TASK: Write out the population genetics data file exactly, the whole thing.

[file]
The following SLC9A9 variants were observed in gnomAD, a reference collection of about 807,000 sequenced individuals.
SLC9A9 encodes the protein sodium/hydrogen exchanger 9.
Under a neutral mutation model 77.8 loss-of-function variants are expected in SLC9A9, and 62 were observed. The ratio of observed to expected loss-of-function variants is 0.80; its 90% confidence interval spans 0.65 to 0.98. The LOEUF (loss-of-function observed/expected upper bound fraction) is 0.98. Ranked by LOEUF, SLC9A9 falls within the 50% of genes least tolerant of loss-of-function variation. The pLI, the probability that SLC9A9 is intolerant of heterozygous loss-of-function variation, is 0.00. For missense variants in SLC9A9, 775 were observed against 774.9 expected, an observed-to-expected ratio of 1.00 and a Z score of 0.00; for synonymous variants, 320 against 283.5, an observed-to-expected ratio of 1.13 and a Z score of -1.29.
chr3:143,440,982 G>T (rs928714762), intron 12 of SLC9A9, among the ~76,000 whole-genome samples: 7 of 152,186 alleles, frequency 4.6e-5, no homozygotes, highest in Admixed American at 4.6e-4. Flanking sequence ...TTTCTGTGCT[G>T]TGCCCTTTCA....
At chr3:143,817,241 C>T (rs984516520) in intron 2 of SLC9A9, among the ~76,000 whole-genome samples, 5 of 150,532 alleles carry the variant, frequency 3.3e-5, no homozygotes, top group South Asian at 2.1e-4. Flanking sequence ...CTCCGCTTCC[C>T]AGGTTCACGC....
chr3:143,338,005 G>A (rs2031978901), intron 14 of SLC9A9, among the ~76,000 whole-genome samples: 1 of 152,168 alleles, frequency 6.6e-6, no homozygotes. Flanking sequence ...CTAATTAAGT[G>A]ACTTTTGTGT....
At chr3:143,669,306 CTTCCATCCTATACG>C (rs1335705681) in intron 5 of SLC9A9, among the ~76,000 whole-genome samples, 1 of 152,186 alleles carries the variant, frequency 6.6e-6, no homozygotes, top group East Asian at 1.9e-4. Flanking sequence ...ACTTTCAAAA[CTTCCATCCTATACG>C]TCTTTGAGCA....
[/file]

The following SLC9A9 variants were observed in gnomAD, a reference collection of about 807,000 sequenced individuals.
SLC9A9 encodes the protein sodium/hydrogen exchanger 9.
Under a neutral mutation model 77.8 loss-of-function variants are expected in SLC9A9, and 62 were observed. The ratio of observed to expected loss-of-function variants is 0.80; its 90% confidence interval spans 0.65 to 0.98. The LOEUF (loss-of-function observed/expected upper bound fraction) is 0.98. Ranked by LOEUF, SLC9A9 falls within the 50% of genes least tolerant of loss-of-function variation. The pLI, the probability that SLC9A9 is intolerant of heterozygous loss-of-function variation, is 0.00. For missense variants in SLC9A9, 775 were observed against 774.9 expected, an observed-to-expected ratio of 1.00 and a Z score of 0.00; for synonymous variants, 320 against 283.5, an observed-to-expected ratio of 1.13 and a Z score of -1.29.
chr3:143,440,982 G>T (rs928714762), intron 12 of SLC9A9, among the ~76,000 whole-genome samples: 7 of 152,186 alleles, frequency 4.6e-5, no homozygotes, highest in Admixed American at 4.6e-4. Flanking sequence ...TTTCTGTGCT[G>T]TGCCCTTTCA....
At chr3:143,817,241 C>T (rs984516520) in intron 2 of SLC9A9, among the ~76,000 whole-genome samples, 5 of 150,532 alleles carry the variant, frequency 3.3e-5, no homozygotes, top group South Asian at 2.1e-4. Flanking sequence ...CTCCGCTTCC[C>T]AGGTTCACGC....
chr3:143,338,005 G>A (rs2031978901), intron 14 of SLC9A9, among the ~76,000 whole-genome samples: 1 of 152,168 alleles, frequency 6.6e-6, no homozygotes. Flanking sequence ...CTAATTAAGT[G>A]ACTTTTGTGT....
At chr3:143,669,306 CTTCCATCCTATACG>C (rs1335705681) in intron 5 of SLC9A9, among the ~76,000 whole-genome samples, 1 of 152,186 alleles carries the variant, frequency 6.6e-6, no homozygotes, top group East Asian at 1.9e-4. Flanking sequence ...ACTTTCAAAA[CTTCCATCCTATACG>C]TCTTTGAGCA....